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Posted

Physicists have nudged electrons to change their spin in just quadrillionths of a second, the fastest ever achieved and a basic-science feat that could lead to faster computer processing and storage.

Electrons have three basic properties: mass, electric charge and spin. The spin is a form of angular momentum, which relates to how an electron moves around the nucleus of an atom. An electron's spin comes in two flavors: up and down.

Manipulating electrons is important for computing since most data storage these days is magnetic and relies on aligning the spin of electrons in a material. In recent years, a new technology known as spintronics has emerged that aims to control both the spin and the electric charge of electrons to improve how information is stored. The technology relies on the rapid switching of magnetic fields, which can now be done within quadrillionths of a second, a new study shows.

"We may expect faster writing in hard drives and faster reading and writing in [computer memory] with even less power used," said Jigang Wang, a physicist at Ames Laboratory in Iowa. The technology could someday be used, for example, to show extremely fast HD movies, Wang added.

Spintronics researchers have been faced with the hurdle of figuring out how to go from the gigahertz speed of today's conventional computer memory and logic systems to the terahertz speed. Doing so requires an understanding of what's happening during magnetic switching on very brief timescales.

The real achievement, though, was doing this about a thousand times faster than current technology. To visualize how the material changed its magnetic properties, the scientists used a special type of imaging to take snapshots of the process

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Posted

Physicists have nudged electrons to change their spin in just quadrillionths of a second, the fastest ever achieved and a basic-science feat that could lead to faster computer processing and storage.

That's just amazing that they can work at those levels.

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Posted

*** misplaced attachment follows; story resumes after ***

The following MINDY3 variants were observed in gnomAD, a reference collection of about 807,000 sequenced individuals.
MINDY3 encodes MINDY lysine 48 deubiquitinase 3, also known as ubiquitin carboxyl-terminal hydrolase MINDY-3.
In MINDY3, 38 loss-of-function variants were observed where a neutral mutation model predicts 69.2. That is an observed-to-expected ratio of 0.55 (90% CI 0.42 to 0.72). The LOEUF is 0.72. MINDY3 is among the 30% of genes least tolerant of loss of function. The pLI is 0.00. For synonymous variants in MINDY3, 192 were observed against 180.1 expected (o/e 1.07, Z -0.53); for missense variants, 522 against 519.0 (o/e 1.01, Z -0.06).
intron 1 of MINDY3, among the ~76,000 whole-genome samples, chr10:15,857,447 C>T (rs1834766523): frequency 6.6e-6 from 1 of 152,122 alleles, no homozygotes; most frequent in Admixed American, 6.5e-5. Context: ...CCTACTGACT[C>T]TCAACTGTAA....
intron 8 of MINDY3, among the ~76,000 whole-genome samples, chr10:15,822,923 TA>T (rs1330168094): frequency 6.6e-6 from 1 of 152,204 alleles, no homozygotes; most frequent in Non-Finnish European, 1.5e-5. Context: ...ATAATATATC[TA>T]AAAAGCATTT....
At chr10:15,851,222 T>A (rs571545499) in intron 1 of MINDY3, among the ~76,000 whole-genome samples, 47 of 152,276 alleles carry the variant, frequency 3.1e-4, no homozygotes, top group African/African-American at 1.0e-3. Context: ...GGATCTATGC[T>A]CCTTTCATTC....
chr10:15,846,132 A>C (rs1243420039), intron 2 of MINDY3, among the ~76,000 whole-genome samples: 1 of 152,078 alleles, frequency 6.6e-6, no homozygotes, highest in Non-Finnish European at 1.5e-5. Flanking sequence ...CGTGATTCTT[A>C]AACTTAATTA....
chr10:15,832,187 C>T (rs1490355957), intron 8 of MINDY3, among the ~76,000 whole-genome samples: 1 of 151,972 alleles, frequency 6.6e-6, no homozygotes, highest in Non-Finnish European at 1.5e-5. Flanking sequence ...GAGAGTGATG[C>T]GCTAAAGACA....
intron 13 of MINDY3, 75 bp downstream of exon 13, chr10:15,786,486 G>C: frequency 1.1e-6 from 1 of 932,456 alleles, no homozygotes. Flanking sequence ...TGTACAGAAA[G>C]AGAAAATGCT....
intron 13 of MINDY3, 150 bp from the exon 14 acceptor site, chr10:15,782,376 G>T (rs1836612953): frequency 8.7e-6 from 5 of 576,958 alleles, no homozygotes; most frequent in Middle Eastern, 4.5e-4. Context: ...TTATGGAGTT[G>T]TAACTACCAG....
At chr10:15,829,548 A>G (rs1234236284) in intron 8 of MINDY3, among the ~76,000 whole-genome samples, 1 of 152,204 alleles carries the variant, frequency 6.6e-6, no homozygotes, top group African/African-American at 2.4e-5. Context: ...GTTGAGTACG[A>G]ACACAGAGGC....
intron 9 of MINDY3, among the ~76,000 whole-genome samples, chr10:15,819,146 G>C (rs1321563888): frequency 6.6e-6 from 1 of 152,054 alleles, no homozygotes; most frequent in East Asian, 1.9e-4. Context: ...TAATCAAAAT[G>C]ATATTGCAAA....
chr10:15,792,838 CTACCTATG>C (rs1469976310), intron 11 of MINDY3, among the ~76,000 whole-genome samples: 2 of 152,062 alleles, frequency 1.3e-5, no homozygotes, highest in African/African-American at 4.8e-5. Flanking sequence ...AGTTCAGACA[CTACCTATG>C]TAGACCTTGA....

Does that mean those people that specify 3 GHz quad-core processor power as 12 GHz will soon be in trouble because teraherz will outpwn them?

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Posted

This should run Crysis 3 maxed out! :p

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Posted

Like many other of the discoveries in recent years that will "usher in a new dawn of super-computing", I'll believe it when it's in the stores.

Until then, it's marsh gas.

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Posted

Cool! See ya on the market in... a decade-ish?

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Posted

A terahertz clock will require a pretty tremendous amount of power, so it will probably be a while before we see something of that speed.

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Posted

A terahertz clock will require a pretty tremendous amount of power, so it will probably be a while before we see something of that speed.

Maybe, they did note: "with even less power used," I'm perfectly okay with my 2.66Ghz lol.

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Posted

Maybe, they did note: "with even less power used," I'm perfectly okay with my 2.66Ghz lol.

I think they were referring to controlling the electric charge of an electron, which would yield power savings. I could be wrong though.

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Posted

Does that mean those people that specify 3 GHz quad-core processor power as 12 GHz will soon be in trouble because teraherz will outpwn them?

I dunno what you said, but passwords will be cracked.

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Posted

I dunno what you said, but passwords will be cracked.

It is quite a nonsense, indeed.

About passwords. Not for a layman (brute force in this case would only "take away" 8 bits from key size, which is really insignificant for something like AES-256). Maybe Shamir could probably then finally pull TWIRL out of this pocket, so that RSA-1024 falls before quantum computers even begin to take any ground, though.

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